I’m fascinated by the Enron collapse and trial.  The sheer brazenness and magnitude of the crimes is mind-boggling.  WorldCom ended up eclipsing Enron to take the title of biggest financial fraud, but Enron is a better story.  Everything at least seems bigger in Texas.  If Shakespeare were working today, he’d he hard pressed to find better fodder for a new tragedy (admittedly he’d have to rewrite the final act to get to an appropriately Shakespearean body count).  Whatever challenges you face in your day job, you can’t help but feel better when you look at what was going on at Enron.  Here was a company that was completely out of control, yet ranked amongst the largest, most successful and most well regarded companies at the time.  Some may find inspiration in that as well.


I can remember first hearing about them during the bubble when they announced something they called the “Broadband Operating System”.  Having some experience with what it takes to build and ship an operating system (insert your own Windows Vista joke here), I was surprised to hear of a new player with the wherewithal to do an operating system.  Surely it was BS I thought but what company would be shameless enough to pretend they were playing in this space?  Evidently I needed to lower my shamelessness bar. 


A whole Enron genre has emerged.  Several of the reporters who covered the company’s downfall have written books, of which I have read a couple.  They chronicle the Enron story but also give insights into the interplay with the media, both as the company unraveled and how the press is being used by the lawyers in the subsequent criminal trials.  If you are a practitioner of the black art of PR, it is fascinating inside baseball.


The New York Times reporter’s book is Conspiracy of Fools, which was the best general account of the story I’ve read.  A well-written narrative, it practically reads like a novel.  It is also fascinating because the book was published before the various cases went to trial and you can perhaps discern the hand of defense lawyers trying to tee up their defense, which basically amounts to “they were incompetent fools, but not criminals”, hence the title.  Enron’s head PR guy manages to burnish his reputation and do some personal PR to go down in history as a hardworking, responsive professional who was mislead by management.  Skilling and his lawyers must not have participated in this book as he remains an enigma, in particular why he resigned just months after getting the CEO job and just months before the company blew up.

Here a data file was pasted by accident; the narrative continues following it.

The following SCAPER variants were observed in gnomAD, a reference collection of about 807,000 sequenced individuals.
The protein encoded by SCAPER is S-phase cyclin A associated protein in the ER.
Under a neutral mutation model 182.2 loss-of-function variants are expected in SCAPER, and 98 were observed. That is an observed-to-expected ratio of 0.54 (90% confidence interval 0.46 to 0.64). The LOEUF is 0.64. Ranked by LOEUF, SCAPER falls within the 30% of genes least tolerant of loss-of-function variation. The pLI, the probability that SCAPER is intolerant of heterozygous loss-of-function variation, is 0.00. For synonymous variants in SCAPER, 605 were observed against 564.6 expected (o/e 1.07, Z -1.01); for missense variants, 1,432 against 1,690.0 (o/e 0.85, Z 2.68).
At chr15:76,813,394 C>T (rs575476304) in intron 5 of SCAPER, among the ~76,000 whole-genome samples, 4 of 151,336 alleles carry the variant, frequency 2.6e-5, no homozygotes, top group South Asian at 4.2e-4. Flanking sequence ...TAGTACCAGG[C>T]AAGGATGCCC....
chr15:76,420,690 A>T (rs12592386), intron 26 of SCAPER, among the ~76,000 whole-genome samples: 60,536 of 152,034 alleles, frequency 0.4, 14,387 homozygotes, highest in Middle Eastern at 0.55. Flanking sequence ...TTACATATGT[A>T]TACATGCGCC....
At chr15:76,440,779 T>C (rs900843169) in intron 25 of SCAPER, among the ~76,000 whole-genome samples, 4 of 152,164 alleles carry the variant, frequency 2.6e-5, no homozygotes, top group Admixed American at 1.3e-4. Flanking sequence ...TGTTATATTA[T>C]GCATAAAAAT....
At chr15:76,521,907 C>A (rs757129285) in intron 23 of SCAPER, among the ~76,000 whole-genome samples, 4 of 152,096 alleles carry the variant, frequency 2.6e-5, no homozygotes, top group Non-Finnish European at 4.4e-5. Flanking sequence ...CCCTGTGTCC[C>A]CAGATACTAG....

The other book I read was by the two Wall Street Journal reporters who broke the story (which in turn broke the company).  Titled 24 Days, it is more of a day by day account of what they discovered and how the story developed, from the initial story to Enron’s bankruptcy.  They really had no idea what they were dealing with or a clear way to unravel it.  When all they had was the name of a financial entity they thought was related to Enron but nothing more, they buried the name in the middle of a story to see what it would precipitate.  Sure enough, anonymous callers would provide the next critical nugget of information.  The stories set in motion a liquidity crisis at Enron which in turn yielded further stories which created a (virtuous?) cycle that took the company to bankruptcy in less than a month.


The Fortune reporters also have a book The Smartest Guys in the Room (and there is a movie by the same title) that I have not read.

2 thoughts on “Enroncology”

  1. Thank you for the recommendation. Added to my reading list. Do you still have my Creative Destruction (Foster) book? Cheers, –Ali

  2. nice list of reading.i too find the whole story disturbingly fascinating, or fascinatingly disturbing.the truly amazing thing to me is that these guys are still so disconnected from reality, that they were willing to sit in front of a jury of normal humans and spew their arrogance.that was so obviously going to result in their conviction and yet they couldn’t see it.

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